The event has been awarded further recognition this year, gaining international CIC*** status. Does that mean we might get to see even more international riders?

We’ve always accepted international riders but this really places us on the international eventing calendar. In technical terms, it’s significant as regards the qualifications that riders can achieve at our event: they have to do a certain amount of these events to move up to the next level. In practice, it means we’re likely to see more international riders who aren’t permanently based in the UK.

One of the great joys of Gatcombe Park is that nature designed it specifically for eventing… We know that now, don’t we!

I think it’s probably the best and most picturesque cross-country viewing in Europe. The best vantage point has to be a spot in the park bowl. I don’t know of a better place where you can sit, watch, and see so much tension. It’s not only a fantastic natural amphitheatre; but you’re overlooking the water-jump and guaranteed the best seat in the house. Whoever built here knew what they were doing; it is one of the most beautiful spots I’ve ever been to.

It is also, of course, a working farm, home of HRH The Princess Royal, which adds to the richness of the environment.

It’s an interesting scenario. We don’t come in and just say, ‘Right! We’re here; this is ours now!’ I met Matthew Aspinall, the farm manager, last week and we discussed grazing patterns, movement of stock, and when we need to take tenancy of each piece of land. We don’t need the car parks or the caravan sites until we get closer to the event, of course. Throughout the whole time, Matthew and I work together, hand in glove.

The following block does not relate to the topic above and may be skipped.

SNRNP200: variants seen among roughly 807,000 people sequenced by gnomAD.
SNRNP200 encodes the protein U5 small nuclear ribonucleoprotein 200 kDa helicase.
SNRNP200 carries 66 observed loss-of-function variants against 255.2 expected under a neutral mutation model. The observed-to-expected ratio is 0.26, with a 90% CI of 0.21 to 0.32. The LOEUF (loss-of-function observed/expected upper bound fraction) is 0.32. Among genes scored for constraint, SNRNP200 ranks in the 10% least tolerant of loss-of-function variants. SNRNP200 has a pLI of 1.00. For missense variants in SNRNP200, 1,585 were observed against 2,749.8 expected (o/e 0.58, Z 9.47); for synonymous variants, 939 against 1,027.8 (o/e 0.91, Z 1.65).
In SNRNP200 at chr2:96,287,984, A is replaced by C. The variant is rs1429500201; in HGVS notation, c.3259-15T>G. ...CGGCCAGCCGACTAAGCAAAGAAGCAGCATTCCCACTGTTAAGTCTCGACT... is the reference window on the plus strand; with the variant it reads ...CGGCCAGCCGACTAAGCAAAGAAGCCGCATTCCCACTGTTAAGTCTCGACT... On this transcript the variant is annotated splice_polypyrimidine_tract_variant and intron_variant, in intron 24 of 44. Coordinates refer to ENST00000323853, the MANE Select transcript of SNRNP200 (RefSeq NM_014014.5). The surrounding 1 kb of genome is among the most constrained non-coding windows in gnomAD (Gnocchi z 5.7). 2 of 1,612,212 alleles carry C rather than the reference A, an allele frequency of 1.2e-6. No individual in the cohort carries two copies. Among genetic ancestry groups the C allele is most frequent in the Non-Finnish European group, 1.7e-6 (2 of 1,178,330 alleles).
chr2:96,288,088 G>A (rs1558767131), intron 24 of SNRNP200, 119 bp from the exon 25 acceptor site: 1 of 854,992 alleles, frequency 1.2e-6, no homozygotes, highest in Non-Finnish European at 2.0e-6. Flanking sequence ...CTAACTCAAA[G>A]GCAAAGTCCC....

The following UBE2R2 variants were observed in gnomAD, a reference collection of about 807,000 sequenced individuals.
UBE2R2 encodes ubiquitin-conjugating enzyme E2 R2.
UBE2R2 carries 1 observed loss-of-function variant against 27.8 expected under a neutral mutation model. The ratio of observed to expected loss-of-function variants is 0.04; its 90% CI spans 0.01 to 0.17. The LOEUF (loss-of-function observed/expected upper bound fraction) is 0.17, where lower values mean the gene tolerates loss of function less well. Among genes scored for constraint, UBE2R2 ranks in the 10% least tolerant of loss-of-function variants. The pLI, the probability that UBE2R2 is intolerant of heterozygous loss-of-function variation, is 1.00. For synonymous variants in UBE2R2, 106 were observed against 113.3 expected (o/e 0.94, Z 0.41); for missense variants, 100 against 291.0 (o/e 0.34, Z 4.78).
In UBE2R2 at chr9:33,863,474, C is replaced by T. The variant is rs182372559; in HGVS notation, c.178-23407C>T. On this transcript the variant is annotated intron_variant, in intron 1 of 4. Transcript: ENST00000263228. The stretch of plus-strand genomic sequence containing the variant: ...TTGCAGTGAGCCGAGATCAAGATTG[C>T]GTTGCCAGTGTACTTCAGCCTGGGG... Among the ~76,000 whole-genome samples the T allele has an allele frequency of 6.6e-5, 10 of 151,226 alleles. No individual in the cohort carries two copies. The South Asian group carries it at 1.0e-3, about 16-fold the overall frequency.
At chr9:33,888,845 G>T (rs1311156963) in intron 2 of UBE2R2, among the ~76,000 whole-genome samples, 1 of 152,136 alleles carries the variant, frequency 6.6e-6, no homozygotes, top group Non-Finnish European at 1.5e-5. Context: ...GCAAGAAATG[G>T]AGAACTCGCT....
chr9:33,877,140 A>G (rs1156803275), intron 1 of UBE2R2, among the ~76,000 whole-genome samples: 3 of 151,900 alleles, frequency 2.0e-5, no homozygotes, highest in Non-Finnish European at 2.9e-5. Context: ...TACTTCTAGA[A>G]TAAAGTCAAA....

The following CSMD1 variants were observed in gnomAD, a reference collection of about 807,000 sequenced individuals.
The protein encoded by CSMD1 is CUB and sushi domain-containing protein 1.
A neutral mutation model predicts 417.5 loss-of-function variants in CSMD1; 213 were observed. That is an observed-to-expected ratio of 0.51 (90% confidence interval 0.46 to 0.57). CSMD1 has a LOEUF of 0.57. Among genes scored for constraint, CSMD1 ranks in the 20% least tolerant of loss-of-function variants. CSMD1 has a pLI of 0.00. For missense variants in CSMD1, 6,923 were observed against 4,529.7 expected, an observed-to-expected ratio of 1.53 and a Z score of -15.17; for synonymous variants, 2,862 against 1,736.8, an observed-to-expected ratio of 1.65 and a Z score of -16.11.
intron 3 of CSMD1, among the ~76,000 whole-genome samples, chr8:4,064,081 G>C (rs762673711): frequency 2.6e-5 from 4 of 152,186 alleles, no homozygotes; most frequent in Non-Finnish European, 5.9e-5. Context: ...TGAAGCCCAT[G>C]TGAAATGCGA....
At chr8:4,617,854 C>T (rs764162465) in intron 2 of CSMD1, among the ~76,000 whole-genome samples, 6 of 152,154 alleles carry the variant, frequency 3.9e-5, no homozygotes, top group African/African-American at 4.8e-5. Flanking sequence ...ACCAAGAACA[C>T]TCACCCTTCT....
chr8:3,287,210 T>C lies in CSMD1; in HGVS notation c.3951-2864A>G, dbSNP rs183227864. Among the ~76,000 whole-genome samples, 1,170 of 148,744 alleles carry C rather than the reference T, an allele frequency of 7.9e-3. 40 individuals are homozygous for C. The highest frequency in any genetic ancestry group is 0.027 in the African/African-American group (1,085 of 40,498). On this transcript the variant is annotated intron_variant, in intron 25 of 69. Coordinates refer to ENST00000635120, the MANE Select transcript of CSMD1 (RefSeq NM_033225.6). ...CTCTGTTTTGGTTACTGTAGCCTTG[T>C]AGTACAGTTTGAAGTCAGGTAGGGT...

It might surprise people to learn that you live on the family farm in Lincolnshire. How does that work in terms of planning – and how did you get the job in the first place?

Oh, the wonders of modern communication! If you were going to set up the event now, you wouldn’t run it with an entries secretary in Devon, an administrative secretary in Yorkshire, an event director in Lincolnshire, and the event itself in Gloucestershire… but it works because everyone knows their job and we all know each other extremely well. This is my 17th year: Mark [Captain Mark Phillips, who organises the event jointly with son, Peter, and who designs the course] took a big leap of faith when he employed me. I had been involved in Burghley and Bramham International Horse Trials, the Windsor Horse Show and what is now the London International Horse Show, but jobs like this just don’t get advertised. I rang up Captain Phillips – whom I didn’t know at all well - and said I’d like to come and see him, and it all happened from there. In life, these opportunities appear and you just have to act on them.

Are you a rider?

Err, no! Not in terms of eventing. I rode full-time right up until I joined the army and then didn’t ride for more than 20 years. My wife, Lucy, is a three-day event rider, which is how we met; and we’ve now got two small children – Olivia, 9, and William, 7 – who’ve both got ponies. I didn’t want to get left behind so, this time last year, I bought myself a horse again. It’s great fun!

The Festival of British Eventing on August 2-4 takes place at Gatcombe Park, Minchinhampton GL6 9AT